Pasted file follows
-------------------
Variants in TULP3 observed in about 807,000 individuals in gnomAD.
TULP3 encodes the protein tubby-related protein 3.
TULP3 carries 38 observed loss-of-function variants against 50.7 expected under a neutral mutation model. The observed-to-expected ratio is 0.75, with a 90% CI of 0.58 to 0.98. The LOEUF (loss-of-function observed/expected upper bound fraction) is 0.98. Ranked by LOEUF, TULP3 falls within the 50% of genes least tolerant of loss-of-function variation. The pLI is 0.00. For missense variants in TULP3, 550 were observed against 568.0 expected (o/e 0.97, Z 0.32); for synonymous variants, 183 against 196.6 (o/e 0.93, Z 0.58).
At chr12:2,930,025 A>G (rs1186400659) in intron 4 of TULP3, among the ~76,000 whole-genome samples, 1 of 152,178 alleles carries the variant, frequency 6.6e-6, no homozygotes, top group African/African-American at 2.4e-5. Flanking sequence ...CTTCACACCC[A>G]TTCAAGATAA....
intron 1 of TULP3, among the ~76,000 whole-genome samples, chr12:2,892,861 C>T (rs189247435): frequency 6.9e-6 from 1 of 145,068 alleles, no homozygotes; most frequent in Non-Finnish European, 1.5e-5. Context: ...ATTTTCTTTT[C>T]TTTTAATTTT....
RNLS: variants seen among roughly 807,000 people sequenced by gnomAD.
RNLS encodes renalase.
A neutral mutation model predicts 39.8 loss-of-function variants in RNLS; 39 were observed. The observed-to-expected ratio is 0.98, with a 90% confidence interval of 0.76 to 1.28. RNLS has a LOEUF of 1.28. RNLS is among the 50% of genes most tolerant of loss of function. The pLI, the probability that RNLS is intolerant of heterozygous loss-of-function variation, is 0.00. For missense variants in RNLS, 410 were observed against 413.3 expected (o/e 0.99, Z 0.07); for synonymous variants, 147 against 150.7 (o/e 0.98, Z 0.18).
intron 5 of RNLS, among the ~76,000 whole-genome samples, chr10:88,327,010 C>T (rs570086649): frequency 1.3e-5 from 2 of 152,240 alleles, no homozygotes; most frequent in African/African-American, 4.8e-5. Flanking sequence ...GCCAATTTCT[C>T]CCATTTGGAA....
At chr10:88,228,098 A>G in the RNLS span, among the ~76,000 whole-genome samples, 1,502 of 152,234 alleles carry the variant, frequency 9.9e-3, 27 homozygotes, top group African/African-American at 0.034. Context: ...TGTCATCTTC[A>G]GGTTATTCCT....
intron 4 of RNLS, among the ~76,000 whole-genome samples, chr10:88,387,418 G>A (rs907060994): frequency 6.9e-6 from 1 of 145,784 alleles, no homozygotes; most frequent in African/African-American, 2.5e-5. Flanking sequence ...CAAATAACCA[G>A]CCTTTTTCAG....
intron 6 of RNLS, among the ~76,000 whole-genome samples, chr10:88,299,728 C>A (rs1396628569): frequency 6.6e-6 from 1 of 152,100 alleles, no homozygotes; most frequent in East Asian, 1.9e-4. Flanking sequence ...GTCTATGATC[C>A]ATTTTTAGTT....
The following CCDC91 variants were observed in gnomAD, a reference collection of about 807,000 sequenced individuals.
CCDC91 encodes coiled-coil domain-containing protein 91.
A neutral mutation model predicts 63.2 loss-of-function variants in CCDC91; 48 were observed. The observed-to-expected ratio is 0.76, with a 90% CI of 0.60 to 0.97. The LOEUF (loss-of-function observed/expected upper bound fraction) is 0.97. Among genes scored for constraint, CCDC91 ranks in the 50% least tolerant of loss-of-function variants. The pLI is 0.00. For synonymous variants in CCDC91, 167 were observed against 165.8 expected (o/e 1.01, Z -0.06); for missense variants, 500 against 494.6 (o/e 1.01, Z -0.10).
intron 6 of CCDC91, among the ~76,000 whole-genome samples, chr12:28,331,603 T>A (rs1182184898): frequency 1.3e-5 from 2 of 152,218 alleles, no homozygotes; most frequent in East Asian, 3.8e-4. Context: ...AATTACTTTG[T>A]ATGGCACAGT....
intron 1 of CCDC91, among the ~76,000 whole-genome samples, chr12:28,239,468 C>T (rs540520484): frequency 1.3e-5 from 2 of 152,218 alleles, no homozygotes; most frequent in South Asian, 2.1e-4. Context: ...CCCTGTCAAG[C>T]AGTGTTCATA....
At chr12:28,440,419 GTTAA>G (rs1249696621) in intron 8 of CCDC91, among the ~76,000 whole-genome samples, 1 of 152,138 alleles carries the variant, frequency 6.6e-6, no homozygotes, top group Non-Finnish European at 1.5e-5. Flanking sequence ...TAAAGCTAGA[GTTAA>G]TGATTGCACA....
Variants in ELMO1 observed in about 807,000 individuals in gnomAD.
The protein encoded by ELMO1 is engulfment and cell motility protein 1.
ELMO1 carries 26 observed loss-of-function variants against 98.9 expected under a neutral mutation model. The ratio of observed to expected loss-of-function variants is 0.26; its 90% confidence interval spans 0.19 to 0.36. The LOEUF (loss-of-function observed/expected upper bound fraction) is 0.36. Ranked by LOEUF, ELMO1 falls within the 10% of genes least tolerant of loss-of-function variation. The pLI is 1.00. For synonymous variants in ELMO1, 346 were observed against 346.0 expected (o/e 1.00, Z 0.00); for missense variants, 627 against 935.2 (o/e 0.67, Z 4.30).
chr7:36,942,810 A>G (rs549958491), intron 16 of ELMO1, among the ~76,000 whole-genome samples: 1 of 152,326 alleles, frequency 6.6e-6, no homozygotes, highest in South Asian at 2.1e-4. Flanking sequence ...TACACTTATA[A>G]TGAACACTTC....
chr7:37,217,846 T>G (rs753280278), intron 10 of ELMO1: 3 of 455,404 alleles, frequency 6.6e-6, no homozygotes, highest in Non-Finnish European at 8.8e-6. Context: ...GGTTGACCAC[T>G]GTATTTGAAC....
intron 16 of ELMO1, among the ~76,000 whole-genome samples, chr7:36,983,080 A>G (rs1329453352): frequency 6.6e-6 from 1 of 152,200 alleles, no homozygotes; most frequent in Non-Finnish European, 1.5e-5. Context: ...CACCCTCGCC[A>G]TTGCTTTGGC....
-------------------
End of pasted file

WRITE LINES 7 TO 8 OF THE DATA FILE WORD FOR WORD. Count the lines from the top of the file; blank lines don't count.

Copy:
RNLS encodes renalase.
A neutral mutation model predicts 39.8 loss-of-function variants in RNLS; 39 were observed. The observed-to-expected ratio is 0.98, with a 90% confidence interval of 0.76 to 1.28. RNLS has a LOEUF of 1.28. RNLS is among the 50% of genes most tolerant of loss of function. The pLI, the probability that RNLS is intolerant of heterozygous loss-of-function variation, is 0.00. For missense variants in RNLS, 410 were observed against 413.3 expected (o/e 0.99, Z 0.07); for synonymous variants, 147 against 150.7 (o/e 0.98, Z 0.18).